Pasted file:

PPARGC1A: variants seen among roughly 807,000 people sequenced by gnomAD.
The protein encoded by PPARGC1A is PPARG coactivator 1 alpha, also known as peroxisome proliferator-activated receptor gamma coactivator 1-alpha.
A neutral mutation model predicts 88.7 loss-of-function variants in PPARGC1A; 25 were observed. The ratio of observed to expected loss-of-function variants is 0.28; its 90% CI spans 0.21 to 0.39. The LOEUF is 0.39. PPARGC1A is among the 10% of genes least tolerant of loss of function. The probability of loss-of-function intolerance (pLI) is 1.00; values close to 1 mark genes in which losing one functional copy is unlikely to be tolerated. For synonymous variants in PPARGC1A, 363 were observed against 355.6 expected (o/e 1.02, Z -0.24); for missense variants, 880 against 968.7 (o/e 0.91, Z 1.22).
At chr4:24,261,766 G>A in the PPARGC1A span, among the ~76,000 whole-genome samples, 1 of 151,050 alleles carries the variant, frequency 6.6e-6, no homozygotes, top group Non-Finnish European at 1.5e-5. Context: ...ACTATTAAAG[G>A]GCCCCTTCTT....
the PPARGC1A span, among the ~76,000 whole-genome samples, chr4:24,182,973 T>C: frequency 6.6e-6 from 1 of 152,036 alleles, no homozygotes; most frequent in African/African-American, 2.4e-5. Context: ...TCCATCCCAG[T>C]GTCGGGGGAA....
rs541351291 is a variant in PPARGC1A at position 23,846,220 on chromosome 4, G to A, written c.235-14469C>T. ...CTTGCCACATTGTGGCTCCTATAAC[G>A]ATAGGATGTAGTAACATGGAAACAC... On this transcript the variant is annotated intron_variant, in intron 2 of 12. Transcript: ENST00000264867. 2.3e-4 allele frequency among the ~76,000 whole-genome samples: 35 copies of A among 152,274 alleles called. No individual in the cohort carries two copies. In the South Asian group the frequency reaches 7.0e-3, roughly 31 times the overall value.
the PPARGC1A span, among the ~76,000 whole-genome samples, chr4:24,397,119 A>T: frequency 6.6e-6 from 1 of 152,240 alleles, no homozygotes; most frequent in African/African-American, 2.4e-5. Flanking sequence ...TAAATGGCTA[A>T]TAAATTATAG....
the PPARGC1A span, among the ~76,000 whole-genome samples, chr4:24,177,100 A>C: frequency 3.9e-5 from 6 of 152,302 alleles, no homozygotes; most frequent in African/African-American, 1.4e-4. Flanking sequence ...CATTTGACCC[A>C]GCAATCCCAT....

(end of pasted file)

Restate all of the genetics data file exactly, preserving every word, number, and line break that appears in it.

PPARGC1A: variants seen among roughly 807,000 people sequenced by gnomAD.
The protein encoded by PPARGC1A is PPARG coactivator 1 alpha, also known as peroxisome proliferator-activated receptor gamma coactivator 1-alpha.
A neutral mutation model predicts 88.7 loss-of-function variants in PPARGC1A; 25 were observed. The ratio of observed to expected loss-of-function variants is 0.28; its 90% CI spans 0.21 to 0.39. The LOEUF is 0.39. PPARGC1A is among the 10% of genes least tolerant of loss of function. The probability of loss-of-function intolerance (pLI) is 1.00; values close to 1 mark genes in which losing one functional copy is unlikely to be tolerated. For synonymous variants in PPARGC1A, 363 were observed against 355.6 expected (o/e 1.02, Z -0.24); for missense variants, 880 against 968.7 (o/e 0.91, Z 1.22).
At chr4:24,261,766 G>A in the PPARGC1A span, among the ~76,000 whole-genome samples, 1 of 151,050 alleles carries the variant, frequency 6.6e-6, no homozygotes, top group Non-Finnish European at 1.5e-5. Context: ...ACTATTAAAG[G>A]GCCCCTTCTT....
the PPARGC1A span, among the ~76,000 whole-genome samples, chr4:24,182,973 T>C: frequency 6.6e-6 from 1 of 152,036 alleles, no homozygotes; most frequent in African/African-American, 2.4e-5. Context: ...TCCATCCCAG[T>C]GTCGGGGGAA....
rs541351291 is a variant in PPARGC1A at position 23,846,220 on chromosome 4, G to A, written c.235-14469C>T. ...CTTGCCACATTGTGGCTCCTATAAC[G>A]ATAGGATGTAGTAACATGGAAACAC... On this transcript the variant is annotated intron_variant, in intron 2 of 12. Transcript: ENST00000264867. 2.3e-4 allele frequency among the ~76,000 whole-genome samples: 35 copies of A among 152,274 alleles called. No individual in the cohort carries two copies. In the South Asian group the frequency reaches 7.0e-3, roughly 31 times the overall value.
the PPARGC1A span, among the ~76,000 whole-genome samples, chr4:24,397,119 A>T: frequency 6.6e-6 from 1 of 152,240 alleles, no homozygotes; most frequent in African/African-American, 2.4e-5. Flanking sequence ...TAAATGGCTA[A>T]TAAATTATAG....
the PPARGC1A span, among the ~76,000 whole-genome samples, chr4:24,177,100 A>C: frequency 3.9e-5 from 6 of 152,302 alleles, no homozygotes; most frequent in African/African-American, 1.4e-4. Flanking sequence ...CATTTGACCC[A>C]GCAATCCCAT....